Dinosaur body temperatures widely varied, according to a new study that used dino eggshells to determine how hot, or not, some dinosaurs were.
The new research in the journal Nature Communications, represents the first time that dinosaur eggshells have been used to figure out the body temperature and metabolism of dinosaurs.
The research concluded that titanosaurs -- huge long-necked, plant-eating dinosaurs -- were hotter than humans, measuring out at 99.7 degrees Fahrenheit. Smaller, two-legged omnivorous oviraptors were estimated to have had a body temperature of 89.4 degrees Fahrenheit.
Top 10 Largest Dinosaurs
"Many people now think, based on current work, that dinosaurs were either fully endothermic (warm-blooded and producing heat internally) like most modern mammals and birds, or at a kind of intermediate physiological state and had not reached full endothermy," explained lead author Robert Eagle, who is a researcher at the University of California at Los Angeles' Institute of the Environment and Sustainability.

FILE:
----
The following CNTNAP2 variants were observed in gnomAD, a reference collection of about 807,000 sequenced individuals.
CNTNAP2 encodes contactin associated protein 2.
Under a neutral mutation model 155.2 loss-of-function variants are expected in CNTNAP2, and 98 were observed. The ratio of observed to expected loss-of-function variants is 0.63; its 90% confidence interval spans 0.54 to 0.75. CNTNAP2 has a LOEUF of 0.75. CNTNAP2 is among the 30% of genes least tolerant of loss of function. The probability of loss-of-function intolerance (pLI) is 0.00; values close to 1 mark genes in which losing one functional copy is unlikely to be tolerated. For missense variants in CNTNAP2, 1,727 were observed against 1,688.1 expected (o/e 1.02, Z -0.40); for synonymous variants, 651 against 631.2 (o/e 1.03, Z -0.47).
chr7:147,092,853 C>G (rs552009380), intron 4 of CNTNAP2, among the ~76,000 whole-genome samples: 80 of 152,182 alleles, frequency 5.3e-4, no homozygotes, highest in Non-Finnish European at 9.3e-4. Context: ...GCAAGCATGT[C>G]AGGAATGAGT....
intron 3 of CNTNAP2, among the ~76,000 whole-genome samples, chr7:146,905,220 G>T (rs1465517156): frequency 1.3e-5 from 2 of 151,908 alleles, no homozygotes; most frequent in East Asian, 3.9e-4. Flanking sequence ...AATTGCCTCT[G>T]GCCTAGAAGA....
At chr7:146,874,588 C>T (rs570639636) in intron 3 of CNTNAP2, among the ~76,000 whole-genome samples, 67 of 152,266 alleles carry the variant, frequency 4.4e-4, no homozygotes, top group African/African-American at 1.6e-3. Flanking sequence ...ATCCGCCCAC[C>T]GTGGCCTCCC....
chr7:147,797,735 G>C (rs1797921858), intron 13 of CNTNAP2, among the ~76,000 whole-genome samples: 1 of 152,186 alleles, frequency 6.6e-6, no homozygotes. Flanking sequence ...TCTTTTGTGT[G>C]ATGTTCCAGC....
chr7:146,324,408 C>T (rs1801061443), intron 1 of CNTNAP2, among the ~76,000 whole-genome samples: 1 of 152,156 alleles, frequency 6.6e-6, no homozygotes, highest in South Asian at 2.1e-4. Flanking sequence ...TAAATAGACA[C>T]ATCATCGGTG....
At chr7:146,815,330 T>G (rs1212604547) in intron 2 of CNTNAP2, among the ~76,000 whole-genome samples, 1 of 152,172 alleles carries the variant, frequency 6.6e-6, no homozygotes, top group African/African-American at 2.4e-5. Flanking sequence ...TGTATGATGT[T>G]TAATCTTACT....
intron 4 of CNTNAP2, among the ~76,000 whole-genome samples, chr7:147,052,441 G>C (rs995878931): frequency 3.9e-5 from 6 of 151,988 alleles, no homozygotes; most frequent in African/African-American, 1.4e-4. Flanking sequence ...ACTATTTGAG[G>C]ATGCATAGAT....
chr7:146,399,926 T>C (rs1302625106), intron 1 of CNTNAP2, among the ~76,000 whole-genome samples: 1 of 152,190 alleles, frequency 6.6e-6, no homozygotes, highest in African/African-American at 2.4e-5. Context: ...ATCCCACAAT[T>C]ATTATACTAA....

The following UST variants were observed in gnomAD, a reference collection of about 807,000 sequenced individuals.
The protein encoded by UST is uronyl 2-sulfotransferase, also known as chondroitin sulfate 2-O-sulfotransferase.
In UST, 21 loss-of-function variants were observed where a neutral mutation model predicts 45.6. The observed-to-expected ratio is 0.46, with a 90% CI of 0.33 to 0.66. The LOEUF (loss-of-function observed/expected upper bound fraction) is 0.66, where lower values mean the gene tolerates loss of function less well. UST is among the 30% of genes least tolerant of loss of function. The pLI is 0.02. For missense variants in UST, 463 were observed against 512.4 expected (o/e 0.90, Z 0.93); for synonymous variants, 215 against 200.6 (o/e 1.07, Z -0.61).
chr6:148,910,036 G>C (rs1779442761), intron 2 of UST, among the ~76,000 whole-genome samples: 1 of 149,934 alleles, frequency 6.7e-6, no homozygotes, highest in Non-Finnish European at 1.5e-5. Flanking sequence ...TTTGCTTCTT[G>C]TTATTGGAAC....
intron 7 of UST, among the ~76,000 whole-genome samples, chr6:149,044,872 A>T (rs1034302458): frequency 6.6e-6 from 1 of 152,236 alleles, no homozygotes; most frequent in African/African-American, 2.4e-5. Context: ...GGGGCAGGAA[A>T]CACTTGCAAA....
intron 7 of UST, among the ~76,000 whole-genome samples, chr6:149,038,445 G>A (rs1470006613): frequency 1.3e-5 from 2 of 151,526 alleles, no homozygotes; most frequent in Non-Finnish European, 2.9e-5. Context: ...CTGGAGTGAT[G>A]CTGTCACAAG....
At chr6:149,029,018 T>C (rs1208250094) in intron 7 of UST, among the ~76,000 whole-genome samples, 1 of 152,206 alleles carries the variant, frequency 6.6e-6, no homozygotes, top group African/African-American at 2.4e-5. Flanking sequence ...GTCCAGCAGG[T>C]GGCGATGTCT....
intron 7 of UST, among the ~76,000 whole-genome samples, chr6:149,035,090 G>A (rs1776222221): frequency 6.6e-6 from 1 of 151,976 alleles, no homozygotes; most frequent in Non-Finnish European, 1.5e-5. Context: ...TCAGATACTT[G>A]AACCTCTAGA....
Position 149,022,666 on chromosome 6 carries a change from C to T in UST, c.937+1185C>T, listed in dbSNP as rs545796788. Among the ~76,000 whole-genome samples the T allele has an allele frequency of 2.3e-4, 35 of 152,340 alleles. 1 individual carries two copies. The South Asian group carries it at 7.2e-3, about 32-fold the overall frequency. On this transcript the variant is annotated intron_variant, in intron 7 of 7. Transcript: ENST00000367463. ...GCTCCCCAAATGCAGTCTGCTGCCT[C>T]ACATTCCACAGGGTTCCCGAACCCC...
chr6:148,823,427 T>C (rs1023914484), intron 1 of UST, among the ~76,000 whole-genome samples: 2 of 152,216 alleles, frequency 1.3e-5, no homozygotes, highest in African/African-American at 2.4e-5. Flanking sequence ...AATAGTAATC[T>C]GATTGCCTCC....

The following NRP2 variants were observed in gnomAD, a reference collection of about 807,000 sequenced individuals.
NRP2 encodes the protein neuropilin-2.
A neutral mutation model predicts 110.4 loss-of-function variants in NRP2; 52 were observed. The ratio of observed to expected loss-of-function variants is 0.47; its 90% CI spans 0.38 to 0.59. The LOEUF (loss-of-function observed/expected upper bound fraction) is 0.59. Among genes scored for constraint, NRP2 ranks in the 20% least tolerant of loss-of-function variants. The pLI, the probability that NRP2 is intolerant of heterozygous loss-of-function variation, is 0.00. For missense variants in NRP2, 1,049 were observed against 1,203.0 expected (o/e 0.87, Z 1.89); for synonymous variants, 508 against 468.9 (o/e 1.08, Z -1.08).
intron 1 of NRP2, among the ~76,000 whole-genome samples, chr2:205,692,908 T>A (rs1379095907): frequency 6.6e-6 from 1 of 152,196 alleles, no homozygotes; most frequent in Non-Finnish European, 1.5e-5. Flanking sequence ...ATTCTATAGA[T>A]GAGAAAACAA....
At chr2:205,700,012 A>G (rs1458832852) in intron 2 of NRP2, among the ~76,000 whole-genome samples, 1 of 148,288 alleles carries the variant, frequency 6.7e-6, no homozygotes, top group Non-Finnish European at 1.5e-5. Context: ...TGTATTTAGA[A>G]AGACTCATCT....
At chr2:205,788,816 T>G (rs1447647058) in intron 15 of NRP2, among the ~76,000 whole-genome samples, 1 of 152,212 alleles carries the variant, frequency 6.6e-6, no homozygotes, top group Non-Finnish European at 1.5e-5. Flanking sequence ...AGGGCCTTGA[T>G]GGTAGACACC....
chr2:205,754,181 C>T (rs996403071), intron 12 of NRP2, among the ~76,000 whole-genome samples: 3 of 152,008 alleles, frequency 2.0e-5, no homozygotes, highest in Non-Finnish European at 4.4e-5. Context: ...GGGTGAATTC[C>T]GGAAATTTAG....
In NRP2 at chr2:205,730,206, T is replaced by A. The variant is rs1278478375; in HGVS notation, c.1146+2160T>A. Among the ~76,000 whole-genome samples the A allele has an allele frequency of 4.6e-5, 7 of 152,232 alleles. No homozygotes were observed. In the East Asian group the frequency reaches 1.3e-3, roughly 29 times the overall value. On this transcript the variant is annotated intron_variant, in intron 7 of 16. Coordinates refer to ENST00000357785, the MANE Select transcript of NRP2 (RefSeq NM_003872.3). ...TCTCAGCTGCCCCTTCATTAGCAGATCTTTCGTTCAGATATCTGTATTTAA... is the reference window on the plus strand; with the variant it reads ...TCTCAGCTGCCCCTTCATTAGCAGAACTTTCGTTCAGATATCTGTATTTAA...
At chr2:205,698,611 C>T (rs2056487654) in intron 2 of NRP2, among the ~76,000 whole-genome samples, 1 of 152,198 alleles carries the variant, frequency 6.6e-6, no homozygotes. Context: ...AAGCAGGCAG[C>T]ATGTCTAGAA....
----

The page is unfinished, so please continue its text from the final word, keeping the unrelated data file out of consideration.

Eagle, who is also LabEx International Chair of the European Institute of Marine Sciences, and his colleagues measured the bonds between two heavy isotopes, Carbon-13 and Oxygen-18, in the calcium carbonate mineral that makes up the hard part of eggshells.
He explained, "The abundance of these bonds in calcium carbonate is related to the temperature the mineral forms at, with more bonds forming at cold temperatures and less at hot. In the case of eggshells, the abundance of these bonds reflects the body temperature of the female when the eggshell forms."
Photos: Dinosaur Blood and Bone Cells Found
The scientists took the measurements for both eggs of living dinosaurs, i.e. birds, as well as for eggs of now-extinct dinosaurs. Several eggs did not retain their original chemical composition, but the researchers believe they did get accurate readings for titanosaurs and oviraptors.
Both types of dinosaurs lived during the Upper Cretaceous roughly 70-80 million years ago.